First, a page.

Presentation on theme: "Everything you need to know for managing a student with Seizures and First Aid."— Presentation transcript:
Everything you need to know for managing a student with Seizures and First Aid
A Seizure is a condition of disturbed brain activity that causes changes in a person’s attention or behavior. Seizures can be caused by a medical condition, brain injury or unknown cause. Seldom associated with brain damage. Epilepsy is a disorder in which a person has repeated seizures over a period of time
Seizures are a true medical problem Most seizures are rarely life threatening, medical emergencies Students are often NOT aware they are having a seizure and will not remember what happened Epilepsy is NOT contagious Epilepsy is NOT a form of mental illness A student can NOT swallow his/her tongue during a seizure NEVER put anything in the mouth of someone having a seizure
Seizures may cause short-term memory problems After a seizure, coursework may need to be re-taught Seizure activity, without obvious physical symptoms, can still affect learning Medications may cause drowsiness, inattention, concentration difficulties and behavioral changes Student with epilepsy may suffer from low self-esteem School difficulties are not always related to a student’s seizures
o Seizures vary from person to person o Vary from simple staring spells to violent shaking and loss of alertness o Some people have an Aura or sense of impending seizure. o This sign may be tingling, dizziness, emotional changes, or changes in vision, taste and smell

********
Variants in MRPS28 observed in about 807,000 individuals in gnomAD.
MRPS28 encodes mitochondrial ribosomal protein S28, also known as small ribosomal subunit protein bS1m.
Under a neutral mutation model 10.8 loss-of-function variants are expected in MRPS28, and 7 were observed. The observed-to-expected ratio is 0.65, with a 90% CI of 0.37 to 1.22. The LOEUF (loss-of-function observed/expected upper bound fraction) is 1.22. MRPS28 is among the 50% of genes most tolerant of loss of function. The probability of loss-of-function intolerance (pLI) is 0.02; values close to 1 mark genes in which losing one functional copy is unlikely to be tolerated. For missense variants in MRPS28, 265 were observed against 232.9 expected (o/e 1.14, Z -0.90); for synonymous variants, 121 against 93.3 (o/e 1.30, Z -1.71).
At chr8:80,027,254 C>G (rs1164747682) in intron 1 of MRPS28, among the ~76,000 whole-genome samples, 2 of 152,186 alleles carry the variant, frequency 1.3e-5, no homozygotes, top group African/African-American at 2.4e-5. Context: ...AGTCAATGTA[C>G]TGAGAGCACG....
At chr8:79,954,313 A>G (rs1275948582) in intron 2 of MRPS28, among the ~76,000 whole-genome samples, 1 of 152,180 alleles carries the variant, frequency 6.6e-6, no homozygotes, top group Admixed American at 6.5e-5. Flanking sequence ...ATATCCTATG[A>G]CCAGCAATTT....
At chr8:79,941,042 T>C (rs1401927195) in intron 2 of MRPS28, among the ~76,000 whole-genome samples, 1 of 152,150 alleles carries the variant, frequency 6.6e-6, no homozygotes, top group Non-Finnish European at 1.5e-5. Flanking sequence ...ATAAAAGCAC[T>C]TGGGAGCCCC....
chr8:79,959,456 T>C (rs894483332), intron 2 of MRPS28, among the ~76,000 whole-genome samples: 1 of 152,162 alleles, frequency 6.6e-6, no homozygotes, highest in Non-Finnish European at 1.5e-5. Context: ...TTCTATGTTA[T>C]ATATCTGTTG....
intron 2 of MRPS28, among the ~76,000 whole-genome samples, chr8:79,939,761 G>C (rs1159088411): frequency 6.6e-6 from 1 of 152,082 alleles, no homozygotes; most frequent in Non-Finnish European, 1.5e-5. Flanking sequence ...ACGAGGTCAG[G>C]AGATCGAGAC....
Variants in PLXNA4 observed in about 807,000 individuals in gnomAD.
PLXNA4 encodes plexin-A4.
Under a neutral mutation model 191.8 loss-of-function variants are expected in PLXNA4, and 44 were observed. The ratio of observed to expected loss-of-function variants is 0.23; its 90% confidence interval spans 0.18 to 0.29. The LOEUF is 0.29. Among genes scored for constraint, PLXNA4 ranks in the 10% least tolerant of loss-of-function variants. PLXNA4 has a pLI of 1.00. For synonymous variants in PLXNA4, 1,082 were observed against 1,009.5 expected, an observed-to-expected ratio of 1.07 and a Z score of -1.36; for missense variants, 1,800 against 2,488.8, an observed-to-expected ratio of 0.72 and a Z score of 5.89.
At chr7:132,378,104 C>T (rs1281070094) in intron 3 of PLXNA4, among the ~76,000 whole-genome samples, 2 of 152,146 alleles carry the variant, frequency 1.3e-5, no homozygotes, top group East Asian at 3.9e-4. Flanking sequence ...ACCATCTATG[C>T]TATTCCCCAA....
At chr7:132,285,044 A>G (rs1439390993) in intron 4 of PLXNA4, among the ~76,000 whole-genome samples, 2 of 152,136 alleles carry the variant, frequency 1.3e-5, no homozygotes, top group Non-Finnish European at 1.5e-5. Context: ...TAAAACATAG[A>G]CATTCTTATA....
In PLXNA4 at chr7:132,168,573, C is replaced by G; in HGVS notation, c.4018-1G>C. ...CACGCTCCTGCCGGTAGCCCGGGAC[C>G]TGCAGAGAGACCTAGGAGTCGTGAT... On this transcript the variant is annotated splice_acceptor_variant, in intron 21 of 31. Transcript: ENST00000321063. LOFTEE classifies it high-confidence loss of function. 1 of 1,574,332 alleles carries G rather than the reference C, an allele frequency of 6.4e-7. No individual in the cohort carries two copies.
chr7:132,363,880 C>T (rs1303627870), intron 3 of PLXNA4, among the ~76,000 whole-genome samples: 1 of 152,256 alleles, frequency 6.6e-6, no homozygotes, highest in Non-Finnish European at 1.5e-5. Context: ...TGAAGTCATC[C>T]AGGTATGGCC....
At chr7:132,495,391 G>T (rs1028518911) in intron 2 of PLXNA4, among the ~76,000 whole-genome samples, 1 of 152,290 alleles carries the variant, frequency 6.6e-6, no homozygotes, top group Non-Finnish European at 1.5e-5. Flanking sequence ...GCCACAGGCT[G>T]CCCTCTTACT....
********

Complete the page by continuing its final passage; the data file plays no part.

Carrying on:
May appear as a lack of alertness or staring spell May black out. If so usually, lasts <15 seconds. Can occur many times a day. Interferes with school/learning.
No loss of consciousness. May have muscle contractions that affect a side of the body May have abnormal head movements. May be changes in mood, behavior, or vision. Staring spells may also occur
Involves the whole body Includes muscle rigidity Followed by muscle contraction Loss of consciousness. May have a loss of bowel and bladder May affect breathing. Very high potential for injury!
Remain calm! (Easy to say, hard to do) A seizure can not be stopped once it has started Try to get student to lying down position. Side lying is ideal to protect airway. This position prevents the tongue from blocking the airway and helps reduce chance of choking on vomit or secretions. Protect from injury-especially their head Do NOT put any object in student’s mouth! Loosen any tight fitting clothing, especially around the neck Observe and document length of seizure and activity noted Stay with student! Send other students away if possible to protect privacy Support student’s airway and initiate rescue breathing/CPR if needed Offer comfort and reassurance to student as he/she awakens from seizure activity Notify Parents/Guardian CALL 911 if: seizure lasts longer than 5 minutes, no history of seizures, multiple seizures occur, of if pregnant, injured or diabetic
Absorbed rapidly. Will be ordered by Dr. for specific students. Is a muscle relaxant Must call 911 if given Protect student privacy Document time given. Keep student lying on side Monitor breathing
1. Position Student on side. 2. Gather supplies, Remove cap and lubricate syringe tip. 3. Bend leg forward and separate buttocks to expose rectum. 4. Slowly count to 3 while pushing plunger until it stops. 5. Count to 3 before removing syringe. 6. Hold buttocks together counting to 3 again. 7. Leave person on side, continue to monitor.